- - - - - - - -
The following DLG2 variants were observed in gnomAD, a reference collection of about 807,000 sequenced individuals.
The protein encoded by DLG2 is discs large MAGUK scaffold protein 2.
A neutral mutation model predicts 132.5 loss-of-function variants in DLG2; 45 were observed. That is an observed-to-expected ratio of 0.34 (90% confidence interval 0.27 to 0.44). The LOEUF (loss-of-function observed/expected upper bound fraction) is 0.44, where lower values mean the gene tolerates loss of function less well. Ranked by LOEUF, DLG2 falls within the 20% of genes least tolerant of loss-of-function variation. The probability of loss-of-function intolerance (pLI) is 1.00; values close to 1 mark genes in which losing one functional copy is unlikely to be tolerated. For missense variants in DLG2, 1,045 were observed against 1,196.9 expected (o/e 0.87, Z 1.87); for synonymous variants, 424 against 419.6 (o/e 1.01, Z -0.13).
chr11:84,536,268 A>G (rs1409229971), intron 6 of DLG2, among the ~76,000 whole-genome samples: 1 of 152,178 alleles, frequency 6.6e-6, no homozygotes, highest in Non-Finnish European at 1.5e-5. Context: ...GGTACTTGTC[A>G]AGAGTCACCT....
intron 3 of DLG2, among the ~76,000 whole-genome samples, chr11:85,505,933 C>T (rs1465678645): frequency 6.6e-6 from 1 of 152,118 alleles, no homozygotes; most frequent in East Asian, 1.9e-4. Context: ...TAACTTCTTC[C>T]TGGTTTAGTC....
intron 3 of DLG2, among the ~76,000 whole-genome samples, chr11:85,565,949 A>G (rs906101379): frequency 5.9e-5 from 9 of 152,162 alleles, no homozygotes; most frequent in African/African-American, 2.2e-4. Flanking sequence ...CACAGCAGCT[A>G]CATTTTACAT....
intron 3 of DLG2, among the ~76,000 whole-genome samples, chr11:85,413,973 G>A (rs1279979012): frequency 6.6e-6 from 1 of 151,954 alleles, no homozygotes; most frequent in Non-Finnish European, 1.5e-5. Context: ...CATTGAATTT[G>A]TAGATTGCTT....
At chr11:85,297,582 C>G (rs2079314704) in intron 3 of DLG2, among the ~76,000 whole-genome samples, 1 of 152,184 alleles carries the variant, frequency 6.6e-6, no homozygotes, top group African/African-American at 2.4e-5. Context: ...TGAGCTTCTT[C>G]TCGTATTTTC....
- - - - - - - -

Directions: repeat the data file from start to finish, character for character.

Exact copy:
The following DLG2 variants were observed in gnomAD, a reference collection of about 807,000 sequenced individuals.
The protein encoded by DLG2 is discs large MAGUK scaffold protein 2.
A neutral mutation model predicts 132.5 loss-of-function variants in DLG2; 45 were observed. That is an observed-to-expected ratio of 0.34 (90% confidence interval 0.27 to 0.44). The LOEUF (loss-of-function observed/expected upper bound fraction) is 0.44, where lower values mean the gene tolerates loss of function less well. Ranked by LOEUF, DLG2 falls within the 20% of genes least tolerant of loss-of-function variation. The probability of loss-of-function intolerance (pLI) is 1.00; values close to 1 mark genes in which losing one functional copy is unlikely to be tolerated. For missense variants in DLG2, 1,045 were observed against 1,196.9 expected (o/e 0.87, Z 1.87); for synonymous variants, 424 against 419.6 (o/e 1.01, Z -0.13).
chr11:84,536,268 A>G (rs1409229971), intron 6 of DLG2, among the ~76,000 whole-genome samples: 1 of 152,178 alleles, frequency 6.6e-6, no homozygotes, highest in Non-Finnish European at 1.5e-5. Context: ...GGTACTTGTC[A>G]AGAGTCACCT....
intron 3 of DLG2, among the ~76,000 whole-genome samples, chr11:85,505,933 C>T (rs1465678645): frequency 6.6e-6 from 1 of 152,118 alleles, no homozygotes; most frequent in East Asian, 1.9e-4. Context: ...TAACTTCTTC[C>T]TGGTTTAGTC....
intron 3 of DLG2, among the ~76,000 whole-genome samples, chr11:85,565,949 A>G (rs906101379): frequency 5.9e-5 from 9 of 152,162 alleles, no homozygotes; most frequent in African/African-American, 2.2e-4. Flanking sequence ...CACAGCAGCT[A>G]CATTTTACAT....
intron 3 of DLG2, among the ~76,000 whole-genome samples, chr11:85,413,973 G>A (rs1279979012): frequency 6.6e-6 from 1 of 151,954 alleles, no homozygotes; most frequent in Non-Finnish European, 1.5e-5. Context: ...CATTGAATTT[G>A]TAGATTGCTT....
At chr11:85,297,582 C>G (rs2079314704) in intron 3 of DLG2, among the ~76,000 whole-genome samples, 1 of 152,184 alleles carries the variant, frequency 6.6e-6, no homozygotes, top group African/African-American at 2.4e-5. Context: ...TGAGCTTCTT[C>G]TCGTATTTTC....